The impact of intraday glucose variability on coronary artery spasm in patients with dysglycemia
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Impaired glucose metabolism is associated with an increased risk of cardiovascular complications, and coronary artery spasm is thought to underlie the development of coronary artery disease. Intraday glucose variability (GV) accelerates oxidative stress and inflammatory cytokine release, but its impact on coronary artery spasm remains unclear. This study investigated the relationship between intraday GV and coronary artery spasm. The study included 50 patients with dysglycemia and suspected coronary spastic angina. GV was analyzed by 24-h monitoring of the blood glucose concentration using a flash glucose monitoring system. The mean amplitude of glycemic excursion (MAGE) was calculated as an index of GV. Coronary artery spasm was assessed using the intracoronary acetylcholine provocation test. Coronary spasm was defined as acetylcholine-induced total or subtotal coronary occlusion. Changes in vessel diameter in response to acetylcholine were evaluated with quantitative coronary angiography. Coronary artery spasms were observed in 21 patients (42%). MAGE was significantly higher in patients with spasms compared to those without spasms (127.5 ± 33.5 vs. 91.4 ± 37.6, p < 0.01). Regression analysis showed a positive correlation between MAGE levels and coronary diameter changes induced by acetylcholine (r = 0.47, p < 0.01). In multiple regression analysis, MAGE was independently associated with acetylcholine-induced coronary diameter change (β = 0.47, p < 0.01). Intraday GV was associated with coronary artery spasm in patients with dysglycemia.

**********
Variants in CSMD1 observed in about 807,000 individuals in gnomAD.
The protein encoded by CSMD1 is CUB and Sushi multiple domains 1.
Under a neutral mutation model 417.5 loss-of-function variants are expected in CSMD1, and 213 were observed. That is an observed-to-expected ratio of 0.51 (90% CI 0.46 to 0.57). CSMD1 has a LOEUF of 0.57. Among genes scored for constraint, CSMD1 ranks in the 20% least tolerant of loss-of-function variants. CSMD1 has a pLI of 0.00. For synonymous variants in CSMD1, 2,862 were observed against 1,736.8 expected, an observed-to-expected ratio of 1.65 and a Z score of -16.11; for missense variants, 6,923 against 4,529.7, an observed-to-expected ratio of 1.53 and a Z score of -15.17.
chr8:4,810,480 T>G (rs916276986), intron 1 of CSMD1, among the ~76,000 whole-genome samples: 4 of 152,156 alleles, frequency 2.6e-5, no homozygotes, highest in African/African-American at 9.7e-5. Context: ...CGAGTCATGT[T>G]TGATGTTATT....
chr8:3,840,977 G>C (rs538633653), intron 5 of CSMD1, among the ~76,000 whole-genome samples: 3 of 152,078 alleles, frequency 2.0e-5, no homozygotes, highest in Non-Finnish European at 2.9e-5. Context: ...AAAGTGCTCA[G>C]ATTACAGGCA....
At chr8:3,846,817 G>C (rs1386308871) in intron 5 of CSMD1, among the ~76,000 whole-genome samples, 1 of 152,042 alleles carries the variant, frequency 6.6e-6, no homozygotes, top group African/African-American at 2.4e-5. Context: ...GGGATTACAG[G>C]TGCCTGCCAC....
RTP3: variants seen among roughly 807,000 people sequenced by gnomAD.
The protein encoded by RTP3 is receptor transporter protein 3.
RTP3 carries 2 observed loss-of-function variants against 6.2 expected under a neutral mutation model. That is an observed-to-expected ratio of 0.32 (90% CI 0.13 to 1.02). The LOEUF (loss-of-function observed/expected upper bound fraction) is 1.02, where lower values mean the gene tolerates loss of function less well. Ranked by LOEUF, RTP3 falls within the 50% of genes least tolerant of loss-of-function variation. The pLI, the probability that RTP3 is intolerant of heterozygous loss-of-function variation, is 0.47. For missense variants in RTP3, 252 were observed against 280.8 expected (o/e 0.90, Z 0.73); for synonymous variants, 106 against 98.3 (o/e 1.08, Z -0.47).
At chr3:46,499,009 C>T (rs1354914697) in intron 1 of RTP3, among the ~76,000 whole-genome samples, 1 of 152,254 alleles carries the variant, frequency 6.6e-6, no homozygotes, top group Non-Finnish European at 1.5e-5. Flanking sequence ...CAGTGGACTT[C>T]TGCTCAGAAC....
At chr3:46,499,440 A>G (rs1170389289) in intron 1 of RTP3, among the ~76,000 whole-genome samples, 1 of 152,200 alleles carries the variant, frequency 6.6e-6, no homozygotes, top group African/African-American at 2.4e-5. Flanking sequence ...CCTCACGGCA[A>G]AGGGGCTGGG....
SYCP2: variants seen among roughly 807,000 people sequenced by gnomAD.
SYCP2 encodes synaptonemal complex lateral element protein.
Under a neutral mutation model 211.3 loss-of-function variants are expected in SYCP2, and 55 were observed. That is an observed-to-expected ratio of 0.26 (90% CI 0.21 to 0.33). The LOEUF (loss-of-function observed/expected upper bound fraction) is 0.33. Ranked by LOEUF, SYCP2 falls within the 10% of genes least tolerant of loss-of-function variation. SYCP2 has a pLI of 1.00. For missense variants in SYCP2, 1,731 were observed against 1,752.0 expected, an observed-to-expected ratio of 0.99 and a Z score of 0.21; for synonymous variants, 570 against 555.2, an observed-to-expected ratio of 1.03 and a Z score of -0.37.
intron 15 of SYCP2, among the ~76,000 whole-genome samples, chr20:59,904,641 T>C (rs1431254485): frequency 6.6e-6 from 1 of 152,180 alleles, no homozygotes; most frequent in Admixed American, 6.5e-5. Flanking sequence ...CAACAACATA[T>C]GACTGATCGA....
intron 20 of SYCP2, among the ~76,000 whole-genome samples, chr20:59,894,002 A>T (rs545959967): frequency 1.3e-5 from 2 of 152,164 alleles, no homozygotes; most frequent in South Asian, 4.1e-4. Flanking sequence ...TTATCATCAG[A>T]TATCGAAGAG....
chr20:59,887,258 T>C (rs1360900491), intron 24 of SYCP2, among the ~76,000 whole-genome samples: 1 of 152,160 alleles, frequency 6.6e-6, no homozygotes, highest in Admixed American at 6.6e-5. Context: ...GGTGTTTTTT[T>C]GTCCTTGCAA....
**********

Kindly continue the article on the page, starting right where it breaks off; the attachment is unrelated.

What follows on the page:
KeywordsDysglycemia Glucose variability Flash glucose monitoring Coronary spasm
Compliance with ethical standards
Conflict of interest
This work was supported by a Grant-in-Aid for Research from Nagoya City University.
All procedures performed in studies involving human participants were in accordance with the ethical standards of the institutional and/or national research committee and with the 1964 Helsinki declaration and its later amendments or comparable ethical standards.
Informed consent was obtained from all individual participants included in the study.
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